Time Magazine has just told me that the way to end the gender gap in tech is to run girl’s summer coding camps. Sure.
And then what do you do when those girls try to enter the industry? How are you going to ensure that their potential employer gives them and equal chance … and an equal salary? How will you ensure that her peers will cheer her on, value her opinion and accept her recommendations? And what happens if, heavens forbid, those girls don’t actually like to code and write off the industry because of it?
You can’t fix the gender gap with quotas either. I don’t want to be hired because it makes your equality statistics look good. If a guy is more suited for the role and better at it than me, give it to him. But if you give it to me, you better be offering me the same salary and benefits.
To REALLY fix the gender gap:
- Talk to boys & girls equally about I.T. careers. Tech subjects in schools, careers day and universities should show both genders the large range of opportunities open to all of them. How the girls are treated in a mixed environment in the tech classroom will influence whether they take the next step into the industry as a career.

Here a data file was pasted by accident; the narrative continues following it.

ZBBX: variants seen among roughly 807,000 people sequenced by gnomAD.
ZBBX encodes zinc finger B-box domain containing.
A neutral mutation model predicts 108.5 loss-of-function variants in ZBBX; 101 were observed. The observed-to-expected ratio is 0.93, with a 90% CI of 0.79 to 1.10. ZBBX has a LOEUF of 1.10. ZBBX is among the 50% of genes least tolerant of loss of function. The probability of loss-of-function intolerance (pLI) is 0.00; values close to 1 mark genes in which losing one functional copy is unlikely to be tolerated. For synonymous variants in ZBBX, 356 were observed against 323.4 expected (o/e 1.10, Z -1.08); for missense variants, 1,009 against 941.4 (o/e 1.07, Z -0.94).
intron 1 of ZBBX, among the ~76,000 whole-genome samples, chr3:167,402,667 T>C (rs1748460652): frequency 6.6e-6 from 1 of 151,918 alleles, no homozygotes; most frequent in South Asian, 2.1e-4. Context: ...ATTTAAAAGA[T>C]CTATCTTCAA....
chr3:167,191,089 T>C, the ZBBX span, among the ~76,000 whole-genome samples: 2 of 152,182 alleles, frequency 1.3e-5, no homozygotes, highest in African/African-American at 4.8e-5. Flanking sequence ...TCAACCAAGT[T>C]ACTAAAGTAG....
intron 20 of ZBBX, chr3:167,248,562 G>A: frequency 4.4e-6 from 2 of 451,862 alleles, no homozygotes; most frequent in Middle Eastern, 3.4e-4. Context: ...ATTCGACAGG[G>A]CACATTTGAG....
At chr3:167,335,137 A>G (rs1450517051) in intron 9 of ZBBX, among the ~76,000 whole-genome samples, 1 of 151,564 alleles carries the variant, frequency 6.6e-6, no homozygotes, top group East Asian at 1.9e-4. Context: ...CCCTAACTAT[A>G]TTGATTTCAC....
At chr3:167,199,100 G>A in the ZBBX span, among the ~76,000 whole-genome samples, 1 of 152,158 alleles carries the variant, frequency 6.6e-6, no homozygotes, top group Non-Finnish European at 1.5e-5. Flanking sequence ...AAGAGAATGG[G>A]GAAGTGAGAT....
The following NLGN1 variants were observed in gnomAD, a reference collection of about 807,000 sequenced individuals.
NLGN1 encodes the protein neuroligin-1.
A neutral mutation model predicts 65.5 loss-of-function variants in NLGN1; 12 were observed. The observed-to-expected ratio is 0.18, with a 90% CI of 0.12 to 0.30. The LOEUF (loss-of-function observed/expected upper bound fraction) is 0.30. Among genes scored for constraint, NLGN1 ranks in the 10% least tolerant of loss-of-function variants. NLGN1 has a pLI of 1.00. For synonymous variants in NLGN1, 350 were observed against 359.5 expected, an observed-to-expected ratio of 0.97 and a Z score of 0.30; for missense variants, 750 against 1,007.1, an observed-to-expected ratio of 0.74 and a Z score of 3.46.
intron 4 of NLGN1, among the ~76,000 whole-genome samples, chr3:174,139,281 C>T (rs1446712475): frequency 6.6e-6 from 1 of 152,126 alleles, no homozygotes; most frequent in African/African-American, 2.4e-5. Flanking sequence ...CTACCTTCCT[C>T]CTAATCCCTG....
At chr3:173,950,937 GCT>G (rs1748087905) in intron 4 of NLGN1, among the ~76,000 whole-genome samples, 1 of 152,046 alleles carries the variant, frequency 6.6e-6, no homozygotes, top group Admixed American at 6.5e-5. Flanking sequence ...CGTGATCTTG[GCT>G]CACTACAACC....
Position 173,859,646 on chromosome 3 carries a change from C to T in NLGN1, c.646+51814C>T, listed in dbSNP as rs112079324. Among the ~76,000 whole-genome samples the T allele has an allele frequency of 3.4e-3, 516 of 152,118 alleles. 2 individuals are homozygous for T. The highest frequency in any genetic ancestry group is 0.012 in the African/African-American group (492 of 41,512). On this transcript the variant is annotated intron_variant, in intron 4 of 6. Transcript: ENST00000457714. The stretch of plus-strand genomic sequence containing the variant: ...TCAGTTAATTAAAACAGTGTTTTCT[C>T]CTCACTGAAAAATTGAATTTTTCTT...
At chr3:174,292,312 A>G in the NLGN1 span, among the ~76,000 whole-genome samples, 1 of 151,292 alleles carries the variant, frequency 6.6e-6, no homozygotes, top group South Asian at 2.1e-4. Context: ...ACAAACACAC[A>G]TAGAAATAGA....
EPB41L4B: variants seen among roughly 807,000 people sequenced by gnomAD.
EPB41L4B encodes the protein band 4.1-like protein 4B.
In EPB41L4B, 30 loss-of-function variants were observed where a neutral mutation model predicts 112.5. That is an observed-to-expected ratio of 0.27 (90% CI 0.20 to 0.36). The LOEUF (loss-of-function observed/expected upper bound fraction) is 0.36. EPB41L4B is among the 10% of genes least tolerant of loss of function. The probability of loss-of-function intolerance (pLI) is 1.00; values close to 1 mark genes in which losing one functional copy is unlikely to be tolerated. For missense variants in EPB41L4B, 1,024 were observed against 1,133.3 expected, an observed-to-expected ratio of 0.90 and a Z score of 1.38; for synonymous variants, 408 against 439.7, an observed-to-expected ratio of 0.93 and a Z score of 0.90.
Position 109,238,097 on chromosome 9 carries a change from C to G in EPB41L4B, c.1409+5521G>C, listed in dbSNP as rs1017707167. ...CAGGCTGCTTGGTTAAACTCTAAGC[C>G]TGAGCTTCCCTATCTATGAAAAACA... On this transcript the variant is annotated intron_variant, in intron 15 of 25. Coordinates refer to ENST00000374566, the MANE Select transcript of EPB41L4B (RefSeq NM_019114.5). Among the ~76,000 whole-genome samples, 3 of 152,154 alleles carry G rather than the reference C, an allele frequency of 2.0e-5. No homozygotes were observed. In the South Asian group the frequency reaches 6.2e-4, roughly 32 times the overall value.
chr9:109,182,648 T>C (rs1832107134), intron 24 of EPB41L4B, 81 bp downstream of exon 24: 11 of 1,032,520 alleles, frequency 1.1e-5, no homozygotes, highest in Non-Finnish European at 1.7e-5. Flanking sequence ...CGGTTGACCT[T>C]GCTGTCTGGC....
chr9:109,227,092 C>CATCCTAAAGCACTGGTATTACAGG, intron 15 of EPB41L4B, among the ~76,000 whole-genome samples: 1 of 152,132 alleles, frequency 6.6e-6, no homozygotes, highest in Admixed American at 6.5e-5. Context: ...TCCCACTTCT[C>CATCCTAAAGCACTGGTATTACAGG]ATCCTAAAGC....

- Don’t hire managers or team members who are dicks. Not in the physical sense and notice I didn’t say men. I hate painting all men in the I.T & technology industries with the brush used by a bunch of dicks who like to degrade their female colleagues and industry peers (and even superiors).
- Don’t perpetuate a misogynistic culture. Make sure your team environment is respectful and stand up against things you see in the industry that paint women as anything less than equally talented contributors.
- Listen and act. Don’t ignore any suggestions from your team members, female or male. If you do have a valid reason for not adopting their suggestion, give them feedback with your valid reason to back it up. If you’re too scared to tell them why you are saying no, you might want to rethink why you’re saying no.
- The same job opportunity & the same pay. Don’t think I need to spell that one out any more.
Females who are successful in I.T. do become role models for girls who might want to enter the industry. Let’s give those women a story to tell of an industry where they felt supported and equal to their work mates, with opportunities to shine and advance. That’s how you’ll attract the right (not necessarily ‘more’) girls to into tech.